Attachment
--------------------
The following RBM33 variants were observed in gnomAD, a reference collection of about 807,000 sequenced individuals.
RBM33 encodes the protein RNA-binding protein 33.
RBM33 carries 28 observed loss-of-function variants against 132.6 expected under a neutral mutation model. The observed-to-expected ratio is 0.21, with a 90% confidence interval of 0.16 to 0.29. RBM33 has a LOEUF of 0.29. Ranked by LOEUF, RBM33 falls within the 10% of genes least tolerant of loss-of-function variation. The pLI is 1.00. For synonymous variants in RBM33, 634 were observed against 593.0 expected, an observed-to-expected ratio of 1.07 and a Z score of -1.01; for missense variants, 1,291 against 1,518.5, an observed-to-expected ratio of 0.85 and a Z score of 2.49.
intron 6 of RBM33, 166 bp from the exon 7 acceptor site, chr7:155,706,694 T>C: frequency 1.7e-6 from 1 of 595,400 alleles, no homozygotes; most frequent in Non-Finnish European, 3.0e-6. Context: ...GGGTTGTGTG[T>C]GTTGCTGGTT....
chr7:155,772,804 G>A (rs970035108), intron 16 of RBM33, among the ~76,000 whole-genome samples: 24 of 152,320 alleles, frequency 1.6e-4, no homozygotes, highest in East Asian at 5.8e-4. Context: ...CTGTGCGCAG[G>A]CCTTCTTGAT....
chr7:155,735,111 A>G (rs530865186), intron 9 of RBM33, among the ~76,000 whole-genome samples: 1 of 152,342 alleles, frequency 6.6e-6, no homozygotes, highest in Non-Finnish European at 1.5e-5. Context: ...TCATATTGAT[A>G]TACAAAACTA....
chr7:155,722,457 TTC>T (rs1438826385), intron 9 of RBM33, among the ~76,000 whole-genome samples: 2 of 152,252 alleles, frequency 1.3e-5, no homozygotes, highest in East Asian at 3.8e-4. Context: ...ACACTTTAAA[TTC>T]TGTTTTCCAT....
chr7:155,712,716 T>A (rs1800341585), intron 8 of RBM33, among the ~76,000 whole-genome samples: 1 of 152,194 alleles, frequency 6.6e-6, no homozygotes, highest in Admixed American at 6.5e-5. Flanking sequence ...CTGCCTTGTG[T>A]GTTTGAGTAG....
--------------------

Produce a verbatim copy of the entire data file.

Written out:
The following RBM33 variants were observed in gnomAD, a reference collection of about 807,000 sequenced individuals.
RBM33 encodes the protein RNA-binding protein 33.
RBM33 carries 28 observed loss-of-function variants against 132.6 expected under a neutral mutation model. The observed-to-expected ratio is 0.21, with a 90% confidence interval of 0.16 to 0.29. RBM33 has a LOEUF of 0.29. Ranked by LOEUF, RBM33 falls within the 10% of genes least tolerant of loss-of-function variation. The pLI is 1.00. For synonymous variants in RBM33, 634 were observed against 593.0 expected, an observed-to-expected ratio of 1.07 and a Z score of -1.01; for missense variants, 1,291 against 1,518.5, an observed-to-expected ratio of 0.85 and a Z score of 2.49.
intron 6 of RBM33, 166 bp from the exon 7 acceptor site, chr7:155,706,694 T>C: frequency 1.7e-6 from 1 of 595,400 alleles, no homozygotes; most frequent in Non-Finnish European, 3.0e-6. Context: ...GGGTTGTGTG[T>C]GTTGCTGGTT....
chr7:155,772,804 G>A (rs970035108), intron 16 of RBM33, among the ~76,000 whole-genome samples: 24 of 152,320 alleles, frequency 1.6e-4, no homozygotes, highest in East Asian at 5.8e-4. Context: ...CTGTGCGCAG[G>A]CCTTCTTGAT....
chr7:155,735,111 A>G (rs530865186), intron 9 of RBM33, among the ~76,000 whole-genome samples: 1 of 152,342 alleles, frequency 6.6e-6, no homozygotes, highest in Non-Finnish European at 1.5e-5. Context: ...TCATATTGAT[A>G]TACAAAACTA....
chr7:155,722,457 TTC>T (rs1438826385), intron 9 of RBM33, among the ~76,000 whole-genome samples: 2 of 152,252 alleles, frequency 1.3e-5, no homozygotes, highest in East Asian at 3.8e-4. Context: ...ACACTTTAAA[TTC>T]TGTTTTCCAT....
chr7:155,712,716 T>A (rs1800341585), intron 8 of RBM33, among the ~76,000 whole-genome samples: 1 of 152,194 alleles, frequency 6.6e-6, no homozygotes, highest in Admixed American at 6.5e-5. Flanking sequence ...CTGCCTTGTG[T>A]GTTTGAGTAG....